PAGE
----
Federal investigation closed after Mattress Factory settles sexual harassment claims
A National Labor Relations Board investigation into allegations that the Mattress Factory violated federal labor laws has been closed, the museum’s acting director, Judith O’Toole, announced Thursday.
The news comes more than a week after the Mattress Factory settled with a group of former and current employees who accused supervisors at the museum of mishandling sexual harassment complaints.
The allegations spurred an internal investigation by the museum as well as the federal investigation by the National Labor Relations Board. A spokesperson for the National Labor Relations Board could not be reached for comment Thursday, and the agency’s regional and national websites still listed the Mattress Factory case status as “open” as of Thursday afternoon.
However, O’Toole and an attorney representing the employees who brought the complaint against the museum said the investigation was closed.
O’Toole, of Greensburg, said she received word from the museum’s attorneys Wednesday that the regional office for the board had signed off on the investigation.
As part of the settlement, the Mattress Factory is required to post a notice that tells employees that they will not be prevented from exercising their rights, including their right to discuss wage issues, workplace conditions or issues related to sexual harassment, said Megan Block, the attorney representing the employees.
“It’s the employer essentially reminding employees what their rights are under the law, which seems like a necessary part of the healing process here,” she said.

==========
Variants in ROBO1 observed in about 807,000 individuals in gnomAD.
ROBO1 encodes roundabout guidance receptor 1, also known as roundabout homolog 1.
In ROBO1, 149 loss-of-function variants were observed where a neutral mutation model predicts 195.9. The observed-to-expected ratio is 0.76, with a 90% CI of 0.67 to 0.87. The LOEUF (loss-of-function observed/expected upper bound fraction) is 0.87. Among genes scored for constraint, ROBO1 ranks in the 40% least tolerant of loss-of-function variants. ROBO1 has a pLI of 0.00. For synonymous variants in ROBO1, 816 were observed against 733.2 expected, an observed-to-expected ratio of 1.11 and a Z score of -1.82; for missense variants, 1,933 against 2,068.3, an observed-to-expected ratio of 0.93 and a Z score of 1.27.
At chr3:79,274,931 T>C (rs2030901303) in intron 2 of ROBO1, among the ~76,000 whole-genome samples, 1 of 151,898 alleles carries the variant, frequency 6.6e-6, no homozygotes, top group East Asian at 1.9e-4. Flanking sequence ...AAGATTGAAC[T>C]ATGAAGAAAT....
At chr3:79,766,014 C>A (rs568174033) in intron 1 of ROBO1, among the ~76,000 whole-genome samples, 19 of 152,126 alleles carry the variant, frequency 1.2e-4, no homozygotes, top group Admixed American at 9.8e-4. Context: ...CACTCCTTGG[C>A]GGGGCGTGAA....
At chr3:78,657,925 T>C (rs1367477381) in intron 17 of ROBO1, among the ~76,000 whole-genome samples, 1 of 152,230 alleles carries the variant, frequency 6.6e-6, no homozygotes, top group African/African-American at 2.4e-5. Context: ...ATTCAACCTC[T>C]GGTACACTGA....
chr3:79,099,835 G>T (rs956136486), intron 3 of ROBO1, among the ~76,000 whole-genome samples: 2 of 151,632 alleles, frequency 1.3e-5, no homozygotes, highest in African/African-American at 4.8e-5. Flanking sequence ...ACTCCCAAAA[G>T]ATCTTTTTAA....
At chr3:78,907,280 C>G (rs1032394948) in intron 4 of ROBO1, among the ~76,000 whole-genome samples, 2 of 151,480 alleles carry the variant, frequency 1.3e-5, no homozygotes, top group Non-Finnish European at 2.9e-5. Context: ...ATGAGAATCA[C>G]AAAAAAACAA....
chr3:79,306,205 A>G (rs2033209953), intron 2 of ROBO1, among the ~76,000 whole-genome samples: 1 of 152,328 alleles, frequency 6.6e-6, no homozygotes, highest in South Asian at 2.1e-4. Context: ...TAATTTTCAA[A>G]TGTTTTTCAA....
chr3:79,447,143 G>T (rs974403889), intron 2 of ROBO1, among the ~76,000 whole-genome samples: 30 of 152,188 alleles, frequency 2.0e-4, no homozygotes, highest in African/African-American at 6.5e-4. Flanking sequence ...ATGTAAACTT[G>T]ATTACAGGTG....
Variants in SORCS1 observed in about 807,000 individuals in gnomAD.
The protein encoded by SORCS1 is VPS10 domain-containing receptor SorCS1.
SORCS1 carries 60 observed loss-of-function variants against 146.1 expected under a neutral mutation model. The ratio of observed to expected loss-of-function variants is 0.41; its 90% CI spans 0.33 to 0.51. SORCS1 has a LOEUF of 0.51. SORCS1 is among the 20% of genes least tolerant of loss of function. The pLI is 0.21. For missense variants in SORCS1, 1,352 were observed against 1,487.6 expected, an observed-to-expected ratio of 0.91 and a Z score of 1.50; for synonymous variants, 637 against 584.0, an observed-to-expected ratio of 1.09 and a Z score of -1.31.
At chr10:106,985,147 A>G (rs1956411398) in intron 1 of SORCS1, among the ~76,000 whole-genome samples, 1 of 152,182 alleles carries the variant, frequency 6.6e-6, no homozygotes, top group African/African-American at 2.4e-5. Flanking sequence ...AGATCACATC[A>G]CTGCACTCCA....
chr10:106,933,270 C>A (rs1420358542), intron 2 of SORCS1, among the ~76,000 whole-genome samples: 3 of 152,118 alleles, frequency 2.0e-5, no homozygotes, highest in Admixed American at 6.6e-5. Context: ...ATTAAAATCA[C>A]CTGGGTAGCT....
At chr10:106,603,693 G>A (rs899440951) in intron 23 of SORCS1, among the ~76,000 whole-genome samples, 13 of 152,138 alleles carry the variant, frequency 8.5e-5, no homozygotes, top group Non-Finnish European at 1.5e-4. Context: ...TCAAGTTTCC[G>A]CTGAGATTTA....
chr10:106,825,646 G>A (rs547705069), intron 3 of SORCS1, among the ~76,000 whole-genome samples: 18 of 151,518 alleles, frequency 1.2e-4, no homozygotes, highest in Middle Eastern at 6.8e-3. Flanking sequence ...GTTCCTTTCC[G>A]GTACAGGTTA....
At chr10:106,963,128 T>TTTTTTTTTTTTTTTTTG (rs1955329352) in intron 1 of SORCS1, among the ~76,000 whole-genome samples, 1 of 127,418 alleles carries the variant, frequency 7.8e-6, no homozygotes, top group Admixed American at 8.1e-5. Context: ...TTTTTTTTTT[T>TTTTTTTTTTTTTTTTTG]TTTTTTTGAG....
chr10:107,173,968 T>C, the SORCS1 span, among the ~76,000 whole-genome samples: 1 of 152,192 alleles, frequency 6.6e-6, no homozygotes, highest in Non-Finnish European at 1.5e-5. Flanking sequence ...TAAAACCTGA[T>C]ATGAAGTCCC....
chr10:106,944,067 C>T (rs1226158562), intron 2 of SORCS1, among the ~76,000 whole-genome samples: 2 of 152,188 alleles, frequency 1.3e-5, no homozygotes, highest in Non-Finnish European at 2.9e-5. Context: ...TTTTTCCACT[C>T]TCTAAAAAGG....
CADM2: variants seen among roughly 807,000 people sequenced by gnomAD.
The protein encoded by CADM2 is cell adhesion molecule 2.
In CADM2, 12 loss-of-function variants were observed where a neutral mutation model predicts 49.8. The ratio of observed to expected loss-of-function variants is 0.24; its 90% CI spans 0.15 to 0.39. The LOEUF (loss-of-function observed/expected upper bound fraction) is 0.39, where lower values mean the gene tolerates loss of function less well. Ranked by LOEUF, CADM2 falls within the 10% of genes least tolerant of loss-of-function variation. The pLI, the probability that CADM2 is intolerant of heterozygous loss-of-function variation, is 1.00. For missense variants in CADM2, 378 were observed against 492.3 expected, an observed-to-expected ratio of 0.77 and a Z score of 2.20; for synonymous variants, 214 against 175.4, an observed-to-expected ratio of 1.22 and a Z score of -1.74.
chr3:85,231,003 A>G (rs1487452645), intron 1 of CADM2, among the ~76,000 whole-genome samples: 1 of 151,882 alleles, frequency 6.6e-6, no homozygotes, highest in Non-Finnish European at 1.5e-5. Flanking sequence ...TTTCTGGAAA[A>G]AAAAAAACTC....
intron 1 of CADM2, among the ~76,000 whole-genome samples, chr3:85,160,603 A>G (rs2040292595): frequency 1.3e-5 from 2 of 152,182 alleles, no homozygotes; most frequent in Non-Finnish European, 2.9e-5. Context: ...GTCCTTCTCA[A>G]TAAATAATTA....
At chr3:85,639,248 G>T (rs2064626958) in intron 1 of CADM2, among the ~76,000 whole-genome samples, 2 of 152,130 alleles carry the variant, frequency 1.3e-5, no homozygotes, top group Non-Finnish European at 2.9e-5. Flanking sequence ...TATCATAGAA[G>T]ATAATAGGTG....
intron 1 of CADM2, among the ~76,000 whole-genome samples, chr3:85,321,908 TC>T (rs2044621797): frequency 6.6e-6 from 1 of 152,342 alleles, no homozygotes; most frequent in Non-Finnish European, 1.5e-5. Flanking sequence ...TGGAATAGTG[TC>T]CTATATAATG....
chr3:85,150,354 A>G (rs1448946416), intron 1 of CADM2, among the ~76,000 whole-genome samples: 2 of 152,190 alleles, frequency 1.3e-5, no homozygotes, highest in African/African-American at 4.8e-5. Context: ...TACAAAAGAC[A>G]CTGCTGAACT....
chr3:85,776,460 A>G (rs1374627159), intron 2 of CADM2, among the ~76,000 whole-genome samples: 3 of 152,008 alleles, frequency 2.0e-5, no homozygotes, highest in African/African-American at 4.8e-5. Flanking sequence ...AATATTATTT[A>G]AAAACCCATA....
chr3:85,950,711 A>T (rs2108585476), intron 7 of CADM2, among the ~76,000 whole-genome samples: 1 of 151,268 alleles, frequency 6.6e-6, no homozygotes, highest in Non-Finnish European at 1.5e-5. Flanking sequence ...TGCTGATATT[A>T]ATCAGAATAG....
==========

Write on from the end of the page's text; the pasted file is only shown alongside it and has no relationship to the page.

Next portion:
The employees who lodged the complaint in September claimed that they were confronted with hostility, intimidation and threats of losing their jobs after voicing concerns about the museum’s response to multiple reports of sexual harassment and assaults allegedly inflicted by a co-worker.
The notice must be posted by Jan. 16 in a location at the museum where all employees can see it, as well as on an app used by employees, Block said. It must be up for at least 60 days.
During that time, O’Toole said the museum will work with a compliance officer to make sure the necessary changes — which include the implementation of new policies and procedures, along with hiring a human resources employee, as agreed to in the settlement — are implemented.
O’Toole, who retired as head of The Westmoreland Museum of American Art last year, will work as acting director at the Mattress Factory until Jan. 14. The museum’s board of trustees has not made a decision on whether to reinstate Executive Director Michael Olijnyk, who was placed on leave when the National Labor Relations Board investigation started in September, O’Toole said.
Jamie Martines is a Tribune-Review staff writer. You can contact Jamie at 724-850-2867, firstname.lastname@example.org or via Twitter .